Adept individuals and leaders are aware of and able to navigate between cultural realities. Culture is the fabric that binds people together around common factors, like values, norms and communication patterns. My favorite definition comes from Mirror for Man, by Clyde Kluckhohn, in which he describes culture as:
The sum total of shared values, beliefs, meanings, symbols, attitudes, languages, patterns of thought and expression, products, artifacts, aesthetic standards and styles of communication—all of which have been created by a group of people, which have been transmitted, learned and internalized.
At a recent presentation for the University of Utah’s Marriott Library, I described culture and then went on to make a case for “Developing Cultural Competency.” This video provides an example of how culture, and cross-cultural realities, surface in our daily lives; and the kind of impact these differences may have on our relationships. The video goes on to describe how relatively minor shifts our perspective, thinking, language and behaviors can help us become more effective understanding and working across cultural differences. In sum:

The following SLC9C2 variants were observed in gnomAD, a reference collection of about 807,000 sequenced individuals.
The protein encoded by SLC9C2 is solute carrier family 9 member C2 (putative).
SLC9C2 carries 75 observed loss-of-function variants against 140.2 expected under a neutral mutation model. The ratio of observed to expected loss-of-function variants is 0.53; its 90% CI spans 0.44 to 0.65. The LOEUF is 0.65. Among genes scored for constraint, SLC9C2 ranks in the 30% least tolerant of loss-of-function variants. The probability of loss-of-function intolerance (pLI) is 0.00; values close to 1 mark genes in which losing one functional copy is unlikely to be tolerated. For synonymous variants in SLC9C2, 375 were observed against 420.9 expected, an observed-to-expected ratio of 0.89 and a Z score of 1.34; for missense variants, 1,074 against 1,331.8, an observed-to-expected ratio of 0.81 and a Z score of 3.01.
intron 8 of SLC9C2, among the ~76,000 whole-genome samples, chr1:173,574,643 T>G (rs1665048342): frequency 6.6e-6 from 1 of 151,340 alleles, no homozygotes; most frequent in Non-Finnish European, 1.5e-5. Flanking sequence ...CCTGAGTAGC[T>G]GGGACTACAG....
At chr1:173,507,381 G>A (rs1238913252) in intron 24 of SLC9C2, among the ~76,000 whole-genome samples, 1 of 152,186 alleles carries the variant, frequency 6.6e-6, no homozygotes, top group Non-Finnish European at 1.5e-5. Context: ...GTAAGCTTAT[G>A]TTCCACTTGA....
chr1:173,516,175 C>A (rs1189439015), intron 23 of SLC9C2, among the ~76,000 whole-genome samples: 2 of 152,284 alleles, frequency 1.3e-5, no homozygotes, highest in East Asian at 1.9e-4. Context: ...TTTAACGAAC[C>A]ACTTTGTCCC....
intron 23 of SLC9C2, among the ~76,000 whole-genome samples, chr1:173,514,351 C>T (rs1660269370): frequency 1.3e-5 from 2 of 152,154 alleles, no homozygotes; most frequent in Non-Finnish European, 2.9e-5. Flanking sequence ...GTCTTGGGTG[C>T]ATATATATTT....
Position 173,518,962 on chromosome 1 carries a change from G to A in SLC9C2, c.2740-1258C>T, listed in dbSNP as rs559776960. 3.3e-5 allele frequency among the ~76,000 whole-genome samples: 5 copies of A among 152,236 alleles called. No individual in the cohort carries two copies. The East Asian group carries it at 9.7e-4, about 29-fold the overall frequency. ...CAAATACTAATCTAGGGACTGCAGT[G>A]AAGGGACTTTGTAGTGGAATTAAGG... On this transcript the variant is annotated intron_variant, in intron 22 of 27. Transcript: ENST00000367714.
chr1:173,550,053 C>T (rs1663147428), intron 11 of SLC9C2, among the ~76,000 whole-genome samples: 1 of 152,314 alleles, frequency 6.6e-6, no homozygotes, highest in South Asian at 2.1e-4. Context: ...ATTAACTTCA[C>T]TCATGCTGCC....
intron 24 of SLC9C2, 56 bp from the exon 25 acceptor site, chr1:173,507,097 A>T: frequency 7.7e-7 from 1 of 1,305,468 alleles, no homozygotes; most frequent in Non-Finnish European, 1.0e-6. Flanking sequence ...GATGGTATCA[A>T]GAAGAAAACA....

- Start with you. Reflect on your own cultural identities and how they were informed.
- Recognize the truth (with a lower case “t”). Your reality is just that–yours. Others’ realities and truths are just as powerfully felt and believed. Both/all may be perfectly valid.
- Lean into your discomfort. You don’t really learn about culture from a distance or without taking risks. Take risks and know that your intentions will speak volumes.
- Walk the walk. When new, confusing or frustrating situations arise, reflect on the possible source. Rather than jumping to judgement, inquire. Practice putting yourself in the shoes of the other person/group, then approaching a solution from that vantage point.